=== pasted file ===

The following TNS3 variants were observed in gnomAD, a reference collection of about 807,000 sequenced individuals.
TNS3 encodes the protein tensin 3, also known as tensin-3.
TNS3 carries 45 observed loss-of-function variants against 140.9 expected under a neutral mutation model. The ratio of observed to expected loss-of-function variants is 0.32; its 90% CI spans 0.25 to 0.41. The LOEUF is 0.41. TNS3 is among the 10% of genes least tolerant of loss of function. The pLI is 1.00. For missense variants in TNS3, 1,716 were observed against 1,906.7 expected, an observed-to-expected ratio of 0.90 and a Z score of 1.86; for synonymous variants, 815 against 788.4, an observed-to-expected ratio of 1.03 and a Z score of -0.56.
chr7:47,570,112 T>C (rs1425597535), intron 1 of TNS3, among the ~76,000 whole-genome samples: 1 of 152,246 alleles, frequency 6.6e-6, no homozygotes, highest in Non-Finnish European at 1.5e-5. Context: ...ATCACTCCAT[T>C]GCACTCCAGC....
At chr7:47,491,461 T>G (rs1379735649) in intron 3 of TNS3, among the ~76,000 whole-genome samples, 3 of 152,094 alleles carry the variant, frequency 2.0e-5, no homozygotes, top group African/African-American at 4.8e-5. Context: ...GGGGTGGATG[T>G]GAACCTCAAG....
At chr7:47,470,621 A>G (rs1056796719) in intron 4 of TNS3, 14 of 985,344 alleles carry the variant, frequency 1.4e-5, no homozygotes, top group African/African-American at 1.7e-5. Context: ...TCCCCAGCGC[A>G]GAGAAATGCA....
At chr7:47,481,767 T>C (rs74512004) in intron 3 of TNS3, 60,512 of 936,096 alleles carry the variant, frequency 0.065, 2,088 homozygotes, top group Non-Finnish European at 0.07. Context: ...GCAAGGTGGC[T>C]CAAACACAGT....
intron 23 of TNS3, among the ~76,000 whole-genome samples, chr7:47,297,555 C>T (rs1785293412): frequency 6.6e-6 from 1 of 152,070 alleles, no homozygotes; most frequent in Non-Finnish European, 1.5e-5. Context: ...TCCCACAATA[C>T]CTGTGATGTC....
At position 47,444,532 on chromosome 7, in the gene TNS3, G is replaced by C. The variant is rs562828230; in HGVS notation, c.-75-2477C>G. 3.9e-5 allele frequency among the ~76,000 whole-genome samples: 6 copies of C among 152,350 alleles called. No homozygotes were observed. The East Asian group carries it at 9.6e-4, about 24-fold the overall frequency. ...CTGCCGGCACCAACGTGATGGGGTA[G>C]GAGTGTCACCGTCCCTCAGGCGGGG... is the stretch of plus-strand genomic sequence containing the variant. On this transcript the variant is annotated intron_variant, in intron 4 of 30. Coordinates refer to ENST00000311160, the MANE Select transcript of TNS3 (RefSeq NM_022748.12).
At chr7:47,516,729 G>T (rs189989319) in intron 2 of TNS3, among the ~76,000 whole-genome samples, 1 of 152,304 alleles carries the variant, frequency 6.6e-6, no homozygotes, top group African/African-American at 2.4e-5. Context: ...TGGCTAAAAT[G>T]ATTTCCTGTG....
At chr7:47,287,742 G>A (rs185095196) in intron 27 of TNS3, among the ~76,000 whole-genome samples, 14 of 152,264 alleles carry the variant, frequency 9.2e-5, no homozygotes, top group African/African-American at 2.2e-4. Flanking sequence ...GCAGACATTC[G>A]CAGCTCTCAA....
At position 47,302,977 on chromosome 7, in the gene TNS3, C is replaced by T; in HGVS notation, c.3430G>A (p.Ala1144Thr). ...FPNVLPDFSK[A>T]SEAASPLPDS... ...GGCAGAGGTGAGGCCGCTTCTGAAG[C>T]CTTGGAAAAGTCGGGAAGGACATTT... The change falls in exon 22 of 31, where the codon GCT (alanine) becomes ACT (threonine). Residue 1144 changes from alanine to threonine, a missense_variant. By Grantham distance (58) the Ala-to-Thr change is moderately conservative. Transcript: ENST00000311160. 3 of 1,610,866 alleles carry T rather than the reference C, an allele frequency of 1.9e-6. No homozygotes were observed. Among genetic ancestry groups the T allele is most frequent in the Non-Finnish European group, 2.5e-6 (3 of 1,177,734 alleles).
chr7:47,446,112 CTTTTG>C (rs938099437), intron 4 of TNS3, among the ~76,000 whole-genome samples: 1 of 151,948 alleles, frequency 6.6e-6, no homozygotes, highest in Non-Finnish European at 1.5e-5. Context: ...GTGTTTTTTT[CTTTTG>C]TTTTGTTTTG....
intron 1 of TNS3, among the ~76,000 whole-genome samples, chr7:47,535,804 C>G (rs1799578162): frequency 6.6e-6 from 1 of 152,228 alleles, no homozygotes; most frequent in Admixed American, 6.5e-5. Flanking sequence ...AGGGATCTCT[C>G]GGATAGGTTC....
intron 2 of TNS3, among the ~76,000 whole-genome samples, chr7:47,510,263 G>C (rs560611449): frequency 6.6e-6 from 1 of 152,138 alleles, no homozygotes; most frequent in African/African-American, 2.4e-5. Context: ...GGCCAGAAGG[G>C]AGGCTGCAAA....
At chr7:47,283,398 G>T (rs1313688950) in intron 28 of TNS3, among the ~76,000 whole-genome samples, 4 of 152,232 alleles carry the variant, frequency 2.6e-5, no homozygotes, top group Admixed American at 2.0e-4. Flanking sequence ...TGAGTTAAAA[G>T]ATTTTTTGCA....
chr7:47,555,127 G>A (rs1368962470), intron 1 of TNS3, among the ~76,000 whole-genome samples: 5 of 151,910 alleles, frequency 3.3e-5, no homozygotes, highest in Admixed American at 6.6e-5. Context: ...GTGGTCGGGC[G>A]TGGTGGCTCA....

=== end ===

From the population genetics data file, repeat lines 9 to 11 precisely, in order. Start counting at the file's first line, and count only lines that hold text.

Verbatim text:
At position 47,444,532 on chromosome 7, in the gene TNS3, G is replaced by C. The variant is rs562828230; in HGVS notation, c.-75-2477C>G. 3.9e-5 allele frequency among the ~76,000 whole-genome samples: 6 copies of C among 152,350 alleles called. No homozygotes were observed. The East Asian group carries it at 9.6e-4, about 24-fold the overall frequency. ...CTGCCGGCACCAACGTGATGGGGTA[G>C]GAGTGTCACCGTCCCTCAGGCGGGG... is the stretch of plus-strand genomic sequence containing the variant. On this transcript the variant is annotated intron_variant, in intron 4 of 30. Coordinates refer to ENST00000311160, the MANE Select transcript of TNS3 (RefSeq NM_022748.12).
At chr7:47,516,729 G>T (rs189989319) in intron 2 of TNS3, among the ~76,000 whole-genome samples, 1 of 152,304 alleles carries the variant, frequency 6.6e-6, no homozygotes, top group African/African-American at 2.4e-5. Context: ...TGGCTAAAAT[G>T]ATTTCCTGTG....
At chr7:47,287,742 G>A (rs185095196) in intron 27 of TNS3, among the ~76,000 whole-genome samples, 14 of 152,264 alleles carry the variant, frequency 9.2e-5, no homozygotes, top group African/African-American at 2.2e-4. Flanking sequence ...GCAGACATTC[G>A]CAGCTCTCAA....